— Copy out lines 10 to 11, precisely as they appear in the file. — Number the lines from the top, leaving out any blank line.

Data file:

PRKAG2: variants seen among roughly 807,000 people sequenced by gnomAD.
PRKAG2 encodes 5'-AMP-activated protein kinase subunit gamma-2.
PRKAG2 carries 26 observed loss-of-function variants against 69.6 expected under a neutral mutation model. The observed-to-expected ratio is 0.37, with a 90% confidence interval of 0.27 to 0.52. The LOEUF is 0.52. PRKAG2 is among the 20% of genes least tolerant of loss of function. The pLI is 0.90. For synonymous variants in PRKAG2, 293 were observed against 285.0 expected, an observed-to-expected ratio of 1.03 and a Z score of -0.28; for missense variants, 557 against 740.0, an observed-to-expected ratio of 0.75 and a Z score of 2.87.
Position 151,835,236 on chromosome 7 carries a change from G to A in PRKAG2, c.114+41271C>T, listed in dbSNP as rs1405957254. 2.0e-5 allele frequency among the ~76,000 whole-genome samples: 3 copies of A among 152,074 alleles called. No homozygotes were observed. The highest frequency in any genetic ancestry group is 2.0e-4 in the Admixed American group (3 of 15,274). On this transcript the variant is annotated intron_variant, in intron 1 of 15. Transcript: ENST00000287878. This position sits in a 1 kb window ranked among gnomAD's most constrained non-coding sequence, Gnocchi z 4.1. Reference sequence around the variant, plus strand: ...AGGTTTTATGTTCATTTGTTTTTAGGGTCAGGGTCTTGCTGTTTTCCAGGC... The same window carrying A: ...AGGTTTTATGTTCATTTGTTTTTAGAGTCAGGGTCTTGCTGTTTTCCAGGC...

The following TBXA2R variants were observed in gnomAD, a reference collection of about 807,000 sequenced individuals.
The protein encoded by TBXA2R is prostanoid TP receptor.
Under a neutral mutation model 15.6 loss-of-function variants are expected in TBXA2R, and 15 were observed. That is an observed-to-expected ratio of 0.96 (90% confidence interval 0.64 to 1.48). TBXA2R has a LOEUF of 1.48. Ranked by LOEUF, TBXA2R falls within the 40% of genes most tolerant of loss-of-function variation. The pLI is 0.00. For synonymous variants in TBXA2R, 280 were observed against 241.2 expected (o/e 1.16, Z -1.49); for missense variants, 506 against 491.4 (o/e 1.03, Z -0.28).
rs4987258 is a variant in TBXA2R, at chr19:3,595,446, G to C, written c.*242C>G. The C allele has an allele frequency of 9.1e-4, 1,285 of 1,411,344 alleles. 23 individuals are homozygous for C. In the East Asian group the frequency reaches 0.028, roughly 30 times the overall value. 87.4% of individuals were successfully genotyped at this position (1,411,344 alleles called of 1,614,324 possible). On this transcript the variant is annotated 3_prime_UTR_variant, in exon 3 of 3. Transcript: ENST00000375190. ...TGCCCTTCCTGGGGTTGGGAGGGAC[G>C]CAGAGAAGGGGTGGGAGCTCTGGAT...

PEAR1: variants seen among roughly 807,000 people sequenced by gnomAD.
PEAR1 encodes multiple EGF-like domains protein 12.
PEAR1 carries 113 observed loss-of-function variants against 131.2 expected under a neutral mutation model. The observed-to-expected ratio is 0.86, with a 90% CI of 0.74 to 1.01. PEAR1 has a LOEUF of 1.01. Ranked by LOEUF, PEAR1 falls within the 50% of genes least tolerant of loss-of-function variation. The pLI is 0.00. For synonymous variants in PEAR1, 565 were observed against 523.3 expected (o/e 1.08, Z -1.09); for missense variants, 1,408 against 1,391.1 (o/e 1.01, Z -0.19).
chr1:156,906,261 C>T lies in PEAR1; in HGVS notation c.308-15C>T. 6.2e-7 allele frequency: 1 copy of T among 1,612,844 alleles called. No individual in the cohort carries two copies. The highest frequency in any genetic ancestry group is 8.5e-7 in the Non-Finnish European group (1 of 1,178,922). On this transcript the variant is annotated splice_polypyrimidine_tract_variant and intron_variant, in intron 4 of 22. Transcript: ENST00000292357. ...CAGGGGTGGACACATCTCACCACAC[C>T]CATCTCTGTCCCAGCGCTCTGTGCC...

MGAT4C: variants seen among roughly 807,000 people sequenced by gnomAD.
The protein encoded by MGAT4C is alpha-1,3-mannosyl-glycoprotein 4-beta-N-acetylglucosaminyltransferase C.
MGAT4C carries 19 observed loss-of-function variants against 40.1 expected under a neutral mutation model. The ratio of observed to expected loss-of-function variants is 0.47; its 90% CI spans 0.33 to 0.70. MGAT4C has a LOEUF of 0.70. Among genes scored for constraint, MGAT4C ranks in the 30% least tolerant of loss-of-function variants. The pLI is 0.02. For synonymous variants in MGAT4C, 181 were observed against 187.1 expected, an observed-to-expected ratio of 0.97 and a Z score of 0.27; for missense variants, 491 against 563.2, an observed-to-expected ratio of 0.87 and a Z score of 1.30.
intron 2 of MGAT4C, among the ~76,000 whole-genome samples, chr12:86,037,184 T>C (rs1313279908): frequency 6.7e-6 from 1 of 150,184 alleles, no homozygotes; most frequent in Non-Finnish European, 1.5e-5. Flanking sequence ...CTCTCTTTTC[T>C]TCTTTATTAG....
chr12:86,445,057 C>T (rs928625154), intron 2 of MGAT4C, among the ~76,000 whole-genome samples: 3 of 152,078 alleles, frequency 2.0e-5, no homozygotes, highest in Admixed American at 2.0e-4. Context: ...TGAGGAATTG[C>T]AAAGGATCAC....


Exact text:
PEAR1 encodes multiple EGF-like domains protein 12.
PEAR1 carries 113 observed loss-of-function variants against 131.2 expected under a neutral mutation model. The observed-to-expected ratio is 0.86, with a 90% CI of 0.74 to 1.01. PEAR1 has a LOEUF of 1.01. Ranked by LOEUF, PEAR1 falls within the 50% of genes least tolerant of loss-of-function variation. The pLI is 0.00. For synonymous variants in PEAR1, 565 were observed against 523.3 expected (o/e 1.08, Z -1.09); for missense variants, 1,408 against 1,391.1 (o/e 1.01, Z -0.19).